Supreme Court

Is Saving Lives Unconstitutional?  A Response to John Yoo

Takings law is complicated, but the answer to this question is clear. The answer is no.

Like others on the extreme right, the Hoover Institution is campaigning against “stay at home” orders because they cost too much money.  Regrettably, the most recent argument to this effect on their website is by my colleague John Yoo.  He argues that the Constitution requires states to compensate business owners for their losses. That’s simply …

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Federalism and the Pandemic

For statutory, practical, and constitutional reasons, states are on the front line.

The states have been out in front in dealing with the coronavirus. Apart from Trump’s tardy response to the crisis, there are reasons for this, involving limits on Trump’s authority, practicalities, and constitutional rulings. Statutory limits. As I discussed in a previous post, the President’s power to deal with an epidemic is mostly derived from …

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From the Grand Canyon to Contaminated Cantaloupes – and More

Five books with fresh perspectives on environmental issues.

Law reviews make little effort to track new books, unlike other journals in other disciplines . So it’s pretty much hit-or-miss whether you learn about relevant new books.  I wanted to share some interesting finds that have crossed my desk, joined a growing pile of unread books, and then slowly left the pile. The subjects …

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Election 2020: The Battle for the Senate

Whatever happens to the White House, control of the Senate will be crucial.

It’s natural that the Presidential election has soaked up all the attention.   But control of the Senate may be equally important — some might say even more important. If a Democrat wins in 2020, there will be little or no chance of passing significant legislation without control of Congress.  It seems very likely that the …

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Deciding a Climate Case in the Shadow of the Supreme Court

Juliana Judges Surely Had The Higher Court in Mind in Drafting Their Decision

The irony of the Ninth Circuit decision dismissing the Juliana v. United States  case this week is plain to see. Two branches of government — the legislative and executive –  have failed to act to address an environmental problem that may cause the destruction of the federal government itself.  The third branch, the judiciary, recognizes the …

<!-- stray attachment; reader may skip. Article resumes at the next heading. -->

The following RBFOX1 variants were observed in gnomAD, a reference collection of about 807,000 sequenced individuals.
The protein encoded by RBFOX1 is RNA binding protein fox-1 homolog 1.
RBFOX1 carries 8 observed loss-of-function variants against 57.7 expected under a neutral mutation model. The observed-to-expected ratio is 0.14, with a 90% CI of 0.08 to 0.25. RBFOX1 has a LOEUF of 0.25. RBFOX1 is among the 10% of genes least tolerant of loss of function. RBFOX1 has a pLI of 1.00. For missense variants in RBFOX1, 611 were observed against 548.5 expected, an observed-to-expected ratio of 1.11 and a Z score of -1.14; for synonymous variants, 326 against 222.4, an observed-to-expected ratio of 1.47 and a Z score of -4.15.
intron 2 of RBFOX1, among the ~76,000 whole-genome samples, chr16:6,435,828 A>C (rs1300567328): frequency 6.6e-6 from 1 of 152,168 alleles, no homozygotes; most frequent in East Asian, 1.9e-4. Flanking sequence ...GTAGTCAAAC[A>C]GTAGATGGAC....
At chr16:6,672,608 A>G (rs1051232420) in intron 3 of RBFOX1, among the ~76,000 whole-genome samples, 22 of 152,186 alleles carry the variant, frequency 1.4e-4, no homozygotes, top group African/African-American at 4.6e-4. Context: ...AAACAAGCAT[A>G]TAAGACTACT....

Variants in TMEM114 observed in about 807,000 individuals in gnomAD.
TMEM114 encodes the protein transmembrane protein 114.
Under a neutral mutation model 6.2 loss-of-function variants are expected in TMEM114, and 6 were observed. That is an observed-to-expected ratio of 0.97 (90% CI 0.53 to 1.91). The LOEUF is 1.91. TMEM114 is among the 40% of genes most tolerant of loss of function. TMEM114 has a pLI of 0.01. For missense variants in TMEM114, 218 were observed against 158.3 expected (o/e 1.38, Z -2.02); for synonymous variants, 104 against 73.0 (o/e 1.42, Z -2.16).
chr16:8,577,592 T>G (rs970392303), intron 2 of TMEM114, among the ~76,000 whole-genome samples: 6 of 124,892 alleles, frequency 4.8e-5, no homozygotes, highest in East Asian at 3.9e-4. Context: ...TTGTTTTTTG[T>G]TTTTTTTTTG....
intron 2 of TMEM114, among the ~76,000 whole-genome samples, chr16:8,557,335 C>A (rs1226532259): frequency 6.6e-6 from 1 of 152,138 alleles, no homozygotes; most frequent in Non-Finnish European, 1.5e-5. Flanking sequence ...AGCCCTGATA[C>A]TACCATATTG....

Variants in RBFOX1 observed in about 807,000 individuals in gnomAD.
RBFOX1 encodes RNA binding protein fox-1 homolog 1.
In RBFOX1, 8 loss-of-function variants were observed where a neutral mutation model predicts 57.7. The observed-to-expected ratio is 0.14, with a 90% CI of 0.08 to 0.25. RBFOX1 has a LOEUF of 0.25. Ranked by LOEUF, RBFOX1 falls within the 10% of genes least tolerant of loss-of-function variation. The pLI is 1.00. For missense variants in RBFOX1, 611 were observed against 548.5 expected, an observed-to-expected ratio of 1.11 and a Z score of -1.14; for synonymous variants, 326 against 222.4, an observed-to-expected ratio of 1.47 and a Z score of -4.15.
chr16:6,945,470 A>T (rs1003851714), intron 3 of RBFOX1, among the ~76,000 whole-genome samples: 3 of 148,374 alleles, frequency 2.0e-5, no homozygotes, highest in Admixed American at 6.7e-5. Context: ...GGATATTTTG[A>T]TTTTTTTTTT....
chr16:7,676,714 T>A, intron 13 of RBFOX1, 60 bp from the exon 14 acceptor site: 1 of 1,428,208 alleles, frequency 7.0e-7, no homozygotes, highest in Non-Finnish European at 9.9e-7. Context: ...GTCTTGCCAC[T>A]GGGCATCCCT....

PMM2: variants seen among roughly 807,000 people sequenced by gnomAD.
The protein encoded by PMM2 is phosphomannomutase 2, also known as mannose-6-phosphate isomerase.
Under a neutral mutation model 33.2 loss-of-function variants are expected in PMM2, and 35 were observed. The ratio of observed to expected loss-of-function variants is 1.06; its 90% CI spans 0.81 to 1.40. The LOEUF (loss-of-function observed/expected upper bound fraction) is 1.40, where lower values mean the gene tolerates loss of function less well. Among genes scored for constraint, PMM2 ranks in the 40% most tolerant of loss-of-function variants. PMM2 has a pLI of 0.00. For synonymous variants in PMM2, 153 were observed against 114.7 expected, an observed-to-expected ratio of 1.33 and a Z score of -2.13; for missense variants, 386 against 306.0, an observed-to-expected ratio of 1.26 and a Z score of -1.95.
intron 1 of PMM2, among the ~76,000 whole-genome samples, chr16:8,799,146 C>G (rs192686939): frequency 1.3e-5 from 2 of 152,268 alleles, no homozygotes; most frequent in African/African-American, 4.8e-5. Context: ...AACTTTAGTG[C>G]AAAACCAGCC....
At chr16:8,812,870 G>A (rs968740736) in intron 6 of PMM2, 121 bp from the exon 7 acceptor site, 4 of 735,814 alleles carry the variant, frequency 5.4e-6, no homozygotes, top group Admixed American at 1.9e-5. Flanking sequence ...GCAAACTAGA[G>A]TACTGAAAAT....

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Threat Assessment: The Supreme Court & the Environment

The current bench is tilted against environmental regulation. It could get worse.

In September, Take Back the Court issued a study entitled, “The Roberts Court Would Likely Strike Down Climate Change Legislation.”  In my view, that’s too alarmist. But the current conservative majority definitely will be an obstacle to aggressive use of government regulation.  That could hold true well into the 2030s, depending on who leaves the …

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Just in From the Supreme Court

The Court refused to hear two cases, but with noteworthy separate opinions.

The Supreme Court declined to hear two cases today.  Neither case was earthshaking, but conservative Justices wrote revealing separate opinions. The case with the greatest import for environmental law was Paul v. U.S. The facts of the case had nothing to do with environmental law, but the issue involved has large implications for environmental statutes. …

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Holmes, Brandeis, and the ‘Great Ponds’ Debate

Some issues are perennial, like property rights v. public rights in water.

I suppose most of you, like me, have never heard of the Watuppa Ponds.  But in 1888, a battle broke out over the legality of their use to supply drinking water for a nearby city.  The issue closely divided Massachusetts’s highest court, and led to a heated debate in the recently launched  Harvard Law Review …

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2020 in the Courts: A Preview

Some major new cases will be filed; older ones will result in major decisions.

There are going to be some significant environmental cases over the next year. In addition, some important new cases will be filed now or in the near future, which may have produced some interesting rulings. It will probably take more than a year, however, for some of the big new cases down the turnpike to …

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The Pro-Environmental Lochner Court

How a conservative Court defended environmental protection a century ago.

Like today’s Court, the Supreme Court a century ago was dominated by conservatives. The Lochner era, from around 1900 to 1935, was named after the most notorious case of that period. The Lochner case, which struck down a maximum hours law for workers, epitomized the conservative Supreme Court of that era.  Yet that conservative Court …

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